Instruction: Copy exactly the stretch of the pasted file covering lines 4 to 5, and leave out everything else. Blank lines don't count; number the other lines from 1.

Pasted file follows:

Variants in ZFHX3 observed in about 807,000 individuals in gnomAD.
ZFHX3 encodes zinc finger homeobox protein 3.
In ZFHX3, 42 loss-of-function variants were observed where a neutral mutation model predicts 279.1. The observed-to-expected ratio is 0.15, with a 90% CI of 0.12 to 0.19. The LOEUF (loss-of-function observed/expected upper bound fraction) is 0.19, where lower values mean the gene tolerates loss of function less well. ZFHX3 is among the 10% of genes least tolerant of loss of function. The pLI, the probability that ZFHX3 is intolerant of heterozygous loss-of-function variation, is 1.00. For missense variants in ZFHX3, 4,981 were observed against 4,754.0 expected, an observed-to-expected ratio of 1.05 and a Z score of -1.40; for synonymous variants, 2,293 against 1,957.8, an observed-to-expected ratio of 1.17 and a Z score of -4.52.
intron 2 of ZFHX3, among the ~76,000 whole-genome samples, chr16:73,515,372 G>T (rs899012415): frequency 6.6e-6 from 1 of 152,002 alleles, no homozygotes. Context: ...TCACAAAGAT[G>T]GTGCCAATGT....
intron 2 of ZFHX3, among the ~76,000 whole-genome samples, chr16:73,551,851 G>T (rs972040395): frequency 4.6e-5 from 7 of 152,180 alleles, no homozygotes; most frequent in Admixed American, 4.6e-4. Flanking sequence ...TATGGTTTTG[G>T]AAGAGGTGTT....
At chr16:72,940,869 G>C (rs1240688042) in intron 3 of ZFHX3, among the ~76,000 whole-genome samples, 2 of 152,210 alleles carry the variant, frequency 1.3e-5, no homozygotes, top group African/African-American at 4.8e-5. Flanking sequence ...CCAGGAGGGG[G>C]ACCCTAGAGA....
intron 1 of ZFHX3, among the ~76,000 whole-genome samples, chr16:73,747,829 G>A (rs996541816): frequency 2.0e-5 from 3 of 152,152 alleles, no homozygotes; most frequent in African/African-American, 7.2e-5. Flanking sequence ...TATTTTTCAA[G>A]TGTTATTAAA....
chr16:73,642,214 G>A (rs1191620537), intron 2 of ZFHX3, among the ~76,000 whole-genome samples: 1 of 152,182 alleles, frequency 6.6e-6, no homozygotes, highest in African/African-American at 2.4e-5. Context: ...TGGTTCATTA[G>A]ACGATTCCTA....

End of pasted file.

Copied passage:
intron 2 of ZFHX3, among the ~76,000 whole-genome samples, chr16:73,515,372 G>T (rs899012415): frequency 6.6e-6 from 1 of 152,002 alleles, no homozygotes. Context: ...TCACAAAGAT[G>T]GTGCCAATGT....
intron 2 of ZFHX3, among the ~76,000 whole-genome samples, chr16:73,551,851 G>T (rs972040395): frequency 4.6e-5 from 7 of 152,180 alleles, no homozygotes; most frequent in Admixed American, 4.6e-4. Flanking sequence ...TATGGTTTTG[G>T]AAGAGGTGTT....